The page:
I remember those days of lengthy power outages and livestock. Fortunately where I live now with just two children and much quicker response times for getting the juice flowing again, I don't have it as hard.

I was just getting ready to throw out some leftover prosciutto from a party. I'm now searching for a recipe like you described above!

Michelle said...

Woman? Whoa, man; have you had a crazy time of it! My shearer was supposed to come today but called in sick. But at least I got my part done – collecting fleece samples from all the adults (for marketing and testing) and checking to see who could be rooed (three less to pay the shearer to do).

jaz@octoberfarm said...

wow...busy times! we got a lot of rain too. now it's sunny and cool! i wish it would stay like this!

Susan said...

Ed, it is so simple! Spray or lightly grease muffin tins, put a half (they called for a full slice, but it's salty!) slice in the bottom of each. Put a bit of shredded cheese, break an egg in each cup, drizzle a teaspoon of cream, sprinkle with s/p and dried thyme and bake at 375 for 15 minutes.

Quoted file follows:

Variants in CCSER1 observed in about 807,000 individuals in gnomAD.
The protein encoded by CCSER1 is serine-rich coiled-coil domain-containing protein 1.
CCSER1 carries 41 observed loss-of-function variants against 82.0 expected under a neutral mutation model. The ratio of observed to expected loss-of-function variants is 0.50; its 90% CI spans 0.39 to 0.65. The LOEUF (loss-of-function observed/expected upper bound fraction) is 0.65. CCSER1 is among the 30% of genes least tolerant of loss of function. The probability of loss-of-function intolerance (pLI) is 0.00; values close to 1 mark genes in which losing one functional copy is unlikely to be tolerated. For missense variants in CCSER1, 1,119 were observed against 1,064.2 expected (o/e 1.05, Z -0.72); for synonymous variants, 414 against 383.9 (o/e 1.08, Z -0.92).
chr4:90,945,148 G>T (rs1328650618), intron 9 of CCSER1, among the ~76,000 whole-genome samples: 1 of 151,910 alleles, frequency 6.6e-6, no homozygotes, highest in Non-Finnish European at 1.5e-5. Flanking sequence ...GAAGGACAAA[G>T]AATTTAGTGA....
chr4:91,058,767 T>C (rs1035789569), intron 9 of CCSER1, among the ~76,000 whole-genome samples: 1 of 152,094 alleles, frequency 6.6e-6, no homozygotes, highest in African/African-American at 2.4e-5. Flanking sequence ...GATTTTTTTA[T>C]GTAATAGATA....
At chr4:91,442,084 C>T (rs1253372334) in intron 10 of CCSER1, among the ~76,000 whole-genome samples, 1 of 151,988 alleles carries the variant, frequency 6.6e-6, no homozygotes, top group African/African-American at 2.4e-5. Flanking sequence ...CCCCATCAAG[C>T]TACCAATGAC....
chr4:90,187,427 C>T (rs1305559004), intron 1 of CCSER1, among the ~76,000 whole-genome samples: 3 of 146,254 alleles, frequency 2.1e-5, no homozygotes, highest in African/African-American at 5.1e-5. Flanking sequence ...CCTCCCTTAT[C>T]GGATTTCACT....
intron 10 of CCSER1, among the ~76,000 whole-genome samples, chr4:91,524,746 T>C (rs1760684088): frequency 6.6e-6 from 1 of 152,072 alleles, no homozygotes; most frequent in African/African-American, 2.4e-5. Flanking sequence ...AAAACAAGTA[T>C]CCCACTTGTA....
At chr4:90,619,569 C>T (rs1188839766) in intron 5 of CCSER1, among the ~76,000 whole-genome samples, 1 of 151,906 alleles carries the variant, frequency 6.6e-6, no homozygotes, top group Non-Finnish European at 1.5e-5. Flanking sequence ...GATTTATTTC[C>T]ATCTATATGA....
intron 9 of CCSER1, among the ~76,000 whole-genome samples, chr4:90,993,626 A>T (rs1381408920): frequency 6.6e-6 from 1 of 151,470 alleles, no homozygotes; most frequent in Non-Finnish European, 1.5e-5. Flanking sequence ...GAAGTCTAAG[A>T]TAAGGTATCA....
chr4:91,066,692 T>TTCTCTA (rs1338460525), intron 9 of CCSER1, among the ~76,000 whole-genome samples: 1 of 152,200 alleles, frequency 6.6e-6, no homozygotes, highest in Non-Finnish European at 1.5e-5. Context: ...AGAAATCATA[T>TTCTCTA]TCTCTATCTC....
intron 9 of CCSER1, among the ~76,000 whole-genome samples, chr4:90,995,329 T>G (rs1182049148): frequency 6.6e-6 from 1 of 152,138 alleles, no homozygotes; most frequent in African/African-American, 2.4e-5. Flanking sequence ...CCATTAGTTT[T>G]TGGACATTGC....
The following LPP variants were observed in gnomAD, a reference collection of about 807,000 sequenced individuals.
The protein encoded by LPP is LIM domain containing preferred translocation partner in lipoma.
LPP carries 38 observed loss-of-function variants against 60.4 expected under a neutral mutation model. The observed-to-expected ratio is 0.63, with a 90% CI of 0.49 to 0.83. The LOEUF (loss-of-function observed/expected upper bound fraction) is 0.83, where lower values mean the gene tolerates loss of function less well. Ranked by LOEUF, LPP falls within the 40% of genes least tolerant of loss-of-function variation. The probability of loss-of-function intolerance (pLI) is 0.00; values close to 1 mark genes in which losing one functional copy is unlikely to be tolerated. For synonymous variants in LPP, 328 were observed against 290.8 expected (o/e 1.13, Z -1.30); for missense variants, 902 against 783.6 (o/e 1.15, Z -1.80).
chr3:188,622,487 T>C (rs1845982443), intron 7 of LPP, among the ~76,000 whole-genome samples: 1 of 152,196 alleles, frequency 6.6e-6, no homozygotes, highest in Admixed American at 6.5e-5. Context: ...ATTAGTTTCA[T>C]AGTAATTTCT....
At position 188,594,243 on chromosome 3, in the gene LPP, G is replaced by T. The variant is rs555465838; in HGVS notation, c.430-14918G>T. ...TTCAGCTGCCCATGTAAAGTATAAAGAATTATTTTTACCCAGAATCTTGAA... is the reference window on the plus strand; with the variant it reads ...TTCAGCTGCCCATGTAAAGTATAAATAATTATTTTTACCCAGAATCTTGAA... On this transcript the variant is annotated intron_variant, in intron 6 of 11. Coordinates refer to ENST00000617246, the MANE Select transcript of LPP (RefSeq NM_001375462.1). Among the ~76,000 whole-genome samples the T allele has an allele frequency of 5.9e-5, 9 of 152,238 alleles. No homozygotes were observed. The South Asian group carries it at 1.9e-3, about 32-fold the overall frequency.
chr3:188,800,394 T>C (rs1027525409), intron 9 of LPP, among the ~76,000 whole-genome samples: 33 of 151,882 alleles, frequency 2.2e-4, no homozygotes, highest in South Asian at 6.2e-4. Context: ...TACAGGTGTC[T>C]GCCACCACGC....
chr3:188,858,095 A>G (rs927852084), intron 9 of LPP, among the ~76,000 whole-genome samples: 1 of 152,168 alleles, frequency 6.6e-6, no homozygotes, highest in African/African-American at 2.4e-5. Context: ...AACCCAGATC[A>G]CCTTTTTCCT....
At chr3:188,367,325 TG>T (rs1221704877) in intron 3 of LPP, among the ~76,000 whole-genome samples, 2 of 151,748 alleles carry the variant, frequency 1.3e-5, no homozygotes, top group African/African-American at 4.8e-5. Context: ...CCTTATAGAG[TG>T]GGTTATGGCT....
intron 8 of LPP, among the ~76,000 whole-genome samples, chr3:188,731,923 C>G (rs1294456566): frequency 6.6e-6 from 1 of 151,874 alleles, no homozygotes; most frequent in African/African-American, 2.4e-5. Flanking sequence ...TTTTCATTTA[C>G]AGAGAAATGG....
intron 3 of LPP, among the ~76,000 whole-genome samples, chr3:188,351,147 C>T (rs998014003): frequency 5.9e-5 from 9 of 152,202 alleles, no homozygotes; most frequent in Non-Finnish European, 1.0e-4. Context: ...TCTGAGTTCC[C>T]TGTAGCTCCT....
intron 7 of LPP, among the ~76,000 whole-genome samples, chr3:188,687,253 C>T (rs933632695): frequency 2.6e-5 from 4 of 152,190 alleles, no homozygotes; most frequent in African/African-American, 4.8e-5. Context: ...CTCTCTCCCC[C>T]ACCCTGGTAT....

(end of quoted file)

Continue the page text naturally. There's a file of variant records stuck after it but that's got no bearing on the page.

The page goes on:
Susan said...

Oh, cripes! 21? In May? Has Ma Nature lost her mind? I don't use much electric either - except for brooding season and the freezers. But, boy, do I miss running water!

Susan said...

Michelle - I really love my shearer. He is the nicest young guy. He does a good job, is very reasonable and pretty prompt. He has to drive a good 45 minutes south to us, so I always coordinate friends and neighbors.

Susan said...

Sunny, yes. Not too cool, though. I have a LOT of seedlings to get in the ground! But it sure beats the heck out of hot and humid.

kymber said...

Susan - you put all of the rest of us to shame!!! the amount of stuff you get done in a day shouldn't be legal!!! and then there's the fact that you have a job and a 2hour commute daily??? and a perpetual smile on your face???